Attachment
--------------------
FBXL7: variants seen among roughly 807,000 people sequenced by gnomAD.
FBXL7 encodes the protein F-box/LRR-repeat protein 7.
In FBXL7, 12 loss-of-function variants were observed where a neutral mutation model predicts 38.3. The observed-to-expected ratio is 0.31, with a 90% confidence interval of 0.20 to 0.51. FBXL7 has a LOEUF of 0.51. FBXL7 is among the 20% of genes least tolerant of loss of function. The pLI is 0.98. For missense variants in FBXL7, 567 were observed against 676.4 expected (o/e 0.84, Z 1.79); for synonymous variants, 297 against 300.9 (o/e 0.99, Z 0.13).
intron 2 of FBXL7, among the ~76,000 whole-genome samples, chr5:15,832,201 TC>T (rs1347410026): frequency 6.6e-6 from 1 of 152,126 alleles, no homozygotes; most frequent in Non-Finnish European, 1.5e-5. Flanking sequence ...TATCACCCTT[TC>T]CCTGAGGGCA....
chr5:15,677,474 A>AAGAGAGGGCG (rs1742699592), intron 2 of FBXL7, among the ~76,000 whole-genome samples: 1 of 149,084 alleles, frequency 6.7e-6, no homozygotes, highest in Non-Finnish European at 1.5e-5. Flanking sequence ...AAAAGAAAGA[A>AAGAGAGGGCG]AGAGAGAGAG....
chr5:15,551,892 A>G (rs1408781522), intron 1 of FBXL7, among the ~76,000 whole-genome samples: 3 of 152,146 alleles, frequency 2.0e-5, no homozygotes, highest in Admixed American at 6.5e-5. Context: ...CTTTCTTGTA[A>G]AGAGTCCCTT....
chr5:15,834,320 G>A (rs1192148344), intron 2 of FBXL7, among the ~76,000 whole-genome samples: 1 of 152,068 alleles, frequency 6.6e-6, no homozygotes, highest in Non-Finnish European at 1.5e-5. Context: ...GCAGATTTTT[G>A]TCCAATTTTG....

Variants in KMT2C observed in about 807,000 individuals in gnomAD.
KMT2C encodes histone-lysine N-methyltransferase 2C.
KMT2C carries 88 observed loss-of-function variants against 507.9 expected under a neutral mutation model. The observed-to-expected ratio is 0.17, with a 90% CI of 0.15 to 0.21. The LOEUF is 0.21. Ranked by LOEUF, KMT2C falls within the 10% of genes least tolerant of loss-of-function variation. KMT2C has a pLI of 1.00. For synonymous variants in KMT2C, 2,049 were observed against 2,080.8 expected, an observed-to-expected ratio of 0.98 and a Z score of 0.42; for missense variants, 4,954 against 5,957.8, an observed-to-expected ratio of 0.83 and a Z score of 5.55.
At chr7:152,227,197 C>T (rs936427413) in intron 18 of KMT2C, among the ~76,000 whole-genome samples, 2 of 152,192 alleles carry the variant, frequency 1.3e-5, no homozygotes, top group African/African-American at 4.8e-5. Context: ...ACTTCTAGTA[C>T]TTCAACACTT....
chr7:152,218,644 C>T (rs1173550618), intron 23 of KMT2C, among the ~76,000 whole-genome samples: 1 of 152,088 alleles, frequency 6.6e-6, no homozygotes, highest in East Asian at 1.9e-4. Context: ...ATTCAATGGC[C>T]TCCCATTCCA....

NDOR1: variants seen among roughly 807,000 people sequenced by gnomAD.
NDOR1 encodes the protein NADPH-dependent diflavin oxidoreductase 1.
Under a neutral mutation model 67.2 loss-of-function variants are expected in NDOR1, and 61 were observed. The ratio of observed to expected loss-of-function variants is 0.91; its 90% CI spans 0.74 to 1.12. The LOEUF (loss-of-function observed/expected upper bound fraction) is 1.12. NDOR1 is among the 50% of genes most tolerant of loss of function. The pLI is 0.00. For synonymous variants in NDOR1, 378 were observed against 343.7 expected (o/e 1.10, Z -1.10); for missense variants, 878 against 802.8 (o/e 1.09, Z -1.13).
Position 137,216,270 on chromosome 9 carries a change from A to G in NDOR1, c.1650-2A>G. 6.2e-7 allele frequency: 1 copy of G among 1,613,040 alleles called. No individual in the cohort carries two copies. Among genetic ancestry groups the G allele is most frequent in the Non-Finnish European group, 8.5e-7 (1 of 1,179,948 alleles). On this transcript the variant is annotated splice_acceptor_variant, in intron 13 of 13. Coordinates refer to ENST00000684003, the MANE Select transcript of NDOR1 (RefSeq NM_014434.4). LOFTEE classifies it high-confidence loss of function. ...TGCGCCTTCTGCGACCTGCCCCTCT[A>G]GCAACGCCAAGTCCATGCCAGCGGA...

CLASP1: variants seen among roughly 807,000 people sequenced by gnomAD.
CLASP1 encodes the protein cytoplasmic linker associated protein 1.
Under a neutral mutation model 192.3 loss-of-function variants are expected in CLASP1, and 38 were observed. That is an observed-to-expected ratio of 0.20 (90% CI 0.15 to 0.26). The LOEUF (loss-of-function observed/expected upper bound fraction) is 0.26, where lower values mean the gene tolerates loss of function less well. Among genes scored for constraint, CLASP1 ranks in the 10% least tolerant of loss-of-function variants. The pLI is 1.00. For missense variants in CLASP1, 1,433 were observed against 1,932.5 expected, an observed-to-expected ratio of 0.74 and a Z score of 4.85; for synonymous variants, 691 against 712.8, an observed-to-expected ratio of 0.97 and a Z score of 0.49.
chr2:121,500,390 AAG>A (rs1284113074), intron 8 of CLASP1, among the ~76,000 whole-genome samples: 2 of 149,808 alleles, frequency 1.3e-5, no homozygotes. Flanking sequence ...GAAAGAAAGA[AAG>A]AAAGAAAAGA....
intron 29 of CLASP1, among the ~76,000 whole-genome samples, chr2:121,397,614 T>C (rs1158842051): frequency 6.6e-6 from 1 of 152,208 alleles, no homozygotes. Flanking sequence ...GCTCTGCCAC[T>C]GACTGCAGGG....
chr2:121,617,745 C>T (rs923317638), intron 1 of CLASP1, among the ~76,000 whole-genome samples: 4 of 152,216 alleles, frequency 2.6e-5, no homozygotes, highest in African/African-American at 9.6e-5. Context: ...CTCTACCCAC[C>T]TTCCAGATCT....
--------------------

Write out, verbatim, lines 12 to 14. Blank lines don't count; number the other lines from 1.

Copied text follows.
chr7:152,218,644 C>T (rs1173550618), intron 23 of KMT2C, among the ~76,000 whole-genome samples: 1 of 152,088 alleles, frequency 6.6e-6, no homozygotes, highest in East Asian at 1.9e-4. Context: ...ATTCAATGGC[C>T]TCCCATTCCA....

NDOR1: variants seen among roughly 807,000 people sequenced by gnomAD.
NDOR1 encodes the protein NADPH-dependent diflavin oxidoreductase 1.